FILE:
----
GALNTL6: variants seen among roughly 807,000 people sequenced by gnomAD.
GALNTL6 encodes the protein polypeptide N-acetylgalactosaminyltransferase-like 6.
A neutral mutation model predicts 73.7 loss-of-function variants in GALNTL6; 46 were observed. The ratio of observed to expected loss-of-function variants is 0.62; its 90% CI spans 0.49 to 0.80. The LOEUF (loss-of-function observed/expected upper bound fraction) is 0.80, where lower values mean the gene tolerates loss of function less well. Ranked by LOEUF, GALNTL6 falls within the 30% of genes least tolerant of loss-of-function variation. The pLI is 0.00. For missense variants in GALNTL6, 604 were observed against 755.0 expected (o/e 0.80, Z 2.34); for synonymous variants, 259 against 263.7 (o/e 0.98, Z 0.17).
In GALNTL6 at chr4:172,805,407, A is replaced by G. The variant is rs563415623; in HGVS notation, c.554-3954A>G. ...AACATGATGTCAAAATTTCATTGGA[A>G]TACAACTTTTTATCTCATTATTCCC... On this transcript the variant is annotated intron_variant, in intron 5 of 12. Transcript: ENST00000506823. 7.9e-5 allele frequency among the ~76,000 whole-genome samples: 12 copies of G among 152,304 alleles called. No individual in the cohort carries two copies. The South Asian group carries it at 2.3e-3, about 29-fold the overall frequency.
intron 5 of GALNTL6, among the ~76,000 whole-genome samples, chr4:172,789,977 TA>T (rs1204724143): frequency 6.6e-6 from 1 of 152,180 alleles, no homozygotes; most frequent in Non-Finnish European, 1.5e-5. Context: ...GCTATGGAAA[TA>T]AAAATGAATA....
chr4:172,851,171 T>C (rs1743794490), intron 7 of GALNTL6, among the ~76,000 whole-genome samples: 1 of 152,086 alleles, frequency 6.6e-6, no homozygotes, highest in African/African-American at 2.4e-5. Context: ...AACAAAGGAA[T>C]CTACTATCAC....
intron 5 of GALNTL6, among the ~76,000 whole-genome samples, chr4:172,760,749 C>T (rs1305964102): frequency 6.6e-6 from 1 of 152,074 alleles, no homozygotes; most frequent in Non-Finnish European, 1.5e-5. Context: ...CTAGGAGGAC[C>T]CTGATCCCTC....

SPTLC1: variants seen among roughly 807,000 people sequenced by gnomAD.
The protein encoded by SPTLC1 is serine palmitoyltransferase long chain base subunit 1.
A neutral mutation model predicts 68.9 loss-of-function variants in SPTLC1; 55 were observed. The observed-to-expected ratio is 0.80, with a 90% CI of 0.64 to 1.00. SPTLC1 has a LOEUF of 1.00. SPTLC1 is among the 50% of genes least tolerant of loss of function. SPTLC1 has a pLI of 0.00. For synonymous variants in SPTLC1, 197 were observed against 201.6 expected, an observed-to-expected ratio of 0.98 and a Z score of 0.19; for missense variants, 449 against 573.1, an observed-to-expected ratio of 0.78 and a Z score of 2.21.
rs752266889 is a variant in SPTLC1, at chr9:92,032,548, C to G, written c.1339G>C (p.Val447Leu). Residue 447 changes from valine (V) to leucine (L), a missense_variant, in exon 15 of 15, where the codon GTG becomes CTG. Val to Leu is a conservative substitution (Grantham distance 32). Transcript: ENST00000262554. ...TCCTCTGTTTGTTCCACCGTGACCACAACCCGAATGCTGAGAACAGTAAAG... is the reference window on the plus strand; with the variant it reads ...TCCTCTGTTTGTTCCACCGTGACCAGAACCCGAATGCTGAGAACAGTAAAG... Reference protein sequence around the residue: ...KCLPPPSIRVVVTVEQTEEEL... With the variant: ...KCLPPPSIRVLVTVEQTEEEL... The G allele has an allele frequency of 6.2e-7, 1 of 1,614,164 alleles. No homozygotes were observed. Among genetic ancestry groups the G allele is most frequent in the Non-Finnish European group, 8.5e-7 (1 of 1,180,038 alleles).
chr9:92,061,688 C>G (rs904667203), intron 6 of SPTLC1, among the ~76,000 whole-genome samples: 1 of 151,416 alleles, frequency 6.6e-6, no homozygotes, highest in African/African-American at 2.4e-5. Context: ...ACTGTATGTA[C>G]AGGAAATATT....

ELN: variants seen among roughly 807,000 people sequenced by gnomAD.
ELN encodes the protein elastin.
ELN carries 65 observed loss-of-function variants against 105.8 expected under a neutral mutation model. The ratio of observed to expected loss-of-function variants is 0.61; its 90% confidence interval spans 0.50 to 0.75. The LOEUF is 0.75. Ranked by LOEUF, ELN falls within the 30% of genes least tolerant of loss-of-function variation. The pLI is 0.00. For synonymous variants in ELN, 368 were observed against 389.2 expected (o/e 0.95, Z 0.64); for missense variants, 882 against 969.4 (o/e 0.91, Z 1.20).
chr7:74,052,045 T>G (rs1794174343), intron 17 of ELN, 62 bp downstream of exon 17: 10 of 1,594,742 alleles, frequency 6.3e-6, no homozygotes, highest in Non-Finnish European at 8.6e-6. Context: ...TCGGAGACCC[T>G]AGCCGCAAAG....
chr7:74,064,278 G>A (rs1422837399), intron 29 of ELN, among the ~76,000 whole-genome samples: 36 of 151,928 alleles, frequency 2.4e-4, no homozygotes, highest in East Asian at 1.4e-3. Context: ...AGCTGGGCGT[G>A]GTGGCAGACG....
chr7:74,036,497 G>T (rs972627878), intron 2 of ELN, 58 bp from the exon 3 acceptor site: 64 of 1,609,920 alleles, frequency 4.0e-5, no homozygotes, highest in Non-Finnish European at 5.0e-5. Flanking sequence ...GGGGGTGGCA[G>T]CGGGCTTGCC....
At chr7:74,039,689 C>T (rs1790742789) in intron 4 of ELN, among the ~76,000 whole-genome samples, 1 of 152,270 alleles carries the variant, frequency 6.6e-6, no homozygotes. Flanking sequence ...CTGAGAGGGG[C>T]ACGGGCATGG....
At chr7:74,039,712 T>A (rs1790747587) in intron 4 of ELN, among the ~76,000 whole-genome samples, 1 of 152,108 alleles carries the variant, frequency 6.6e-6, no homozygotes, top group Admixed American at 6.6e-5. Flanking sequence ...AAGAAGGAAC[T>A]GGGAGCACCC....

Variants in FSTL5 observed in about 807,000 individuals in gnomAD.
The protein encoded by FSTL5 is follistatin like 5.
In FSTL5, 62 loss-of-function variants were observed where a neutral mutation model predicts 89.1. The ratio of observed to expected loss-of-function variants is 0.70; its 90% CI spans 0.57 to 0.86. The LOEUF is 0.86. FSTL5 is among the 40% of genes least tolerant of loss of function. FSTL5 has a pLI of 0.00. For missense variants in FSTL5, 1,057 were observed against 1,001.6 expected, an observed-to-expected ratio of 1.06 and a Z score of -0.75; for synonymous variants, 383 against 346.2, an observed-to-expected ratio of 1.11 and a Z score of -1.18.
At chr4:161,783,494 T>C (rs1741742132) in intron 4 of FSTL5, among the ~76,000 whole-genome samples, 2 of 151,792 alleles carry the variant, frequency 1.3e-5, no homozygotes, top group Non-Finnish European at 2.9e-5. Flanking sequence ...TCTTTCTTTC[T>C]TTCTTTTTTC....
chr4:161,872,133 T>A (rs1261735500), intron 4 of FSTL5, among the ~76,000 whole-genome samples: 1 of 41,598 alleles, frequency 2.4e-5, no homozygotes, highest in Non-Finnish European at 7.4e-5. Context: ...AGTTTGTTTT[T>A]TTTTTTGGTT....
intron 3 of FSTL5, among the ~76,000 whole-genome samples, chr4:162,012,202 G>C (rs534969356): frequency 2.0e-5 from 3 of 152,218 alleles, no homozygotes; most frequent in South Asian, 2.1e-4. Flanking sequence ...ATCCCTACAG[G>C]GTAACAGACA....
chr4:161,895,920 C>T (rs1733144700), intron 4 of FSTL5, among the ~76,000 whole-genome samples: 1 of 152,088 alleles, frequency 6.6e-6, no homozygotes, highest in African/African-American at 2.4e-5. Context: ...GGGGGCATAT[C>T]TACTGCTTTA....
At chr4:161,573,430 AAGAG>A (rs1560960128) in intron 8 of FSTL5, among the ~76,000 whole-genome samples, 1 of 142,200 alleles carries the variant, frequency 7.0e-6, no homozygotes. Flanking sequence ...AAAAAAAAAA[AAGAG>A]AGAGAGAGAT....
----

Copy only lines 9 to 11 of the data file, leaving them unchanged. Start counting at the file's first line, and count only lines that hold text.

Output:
The protein encoded by SPTLC1 is serine palmitoyltransferase long chain base subunit 1.
A neutral mutation model predicts 68.9 loss-of-function variants in SPTLC1; 55 were observed. The observed-to-expected ratio is 0.80, with a 90% CI of 0.64 to 1.00. SPTLC1 has a LOEUF of 1.00. SPTLC1 is among the 50% of genes least tolerant of loss of function. SPTLC1 has a pLI of 0.00. For synonymous variants in SPTLC1, 197 were observed against 201.6 expected, an observed-to-expected ratio of 0.98 and a Z score of 0.19; for missense variants, 449 against 573.1, an observed-to-expected ratio of 0.78 and a Z score of 2.21.
rs752266889 is a variant in SPTLC1, at chr9:92,032,548, C to G, written c.1339G>C (p.Val447Leu). Residue 447 changes from valine (V) to leucine (L), a missense_variant, in exon 15 of 15, where the codon GTG becomes CTG. Val to Leu is a conservative substitution (Grantham distance 32). Transcript: ENST00000262554. ...TCCTCTGTTTGTTCCACCGTGACCACAACCCGAATGCTGAGAACAGTAAAG... is the reference window on the plus strand; with the variant it reads ...TCCTCTGTTTGTTCCACCGTGACCAGAACCCGAATGCTGAGAACAGTAAAG... Reference protein sequence around the residue: ...KCLPPPSIRVVVTVEQTEEEL... With the variant: ...KCLPPPSIRVLVTVEQTEEEL... The G allele has an allele frequency of 6.2e-7, 1 of 1,614,164 alleles. No homozygotes were observed. Among genetic ancestry groups the G allele is most frequent in the Non-Finnish European group, 8.5e-7 (1 of 1,180,038 alleles).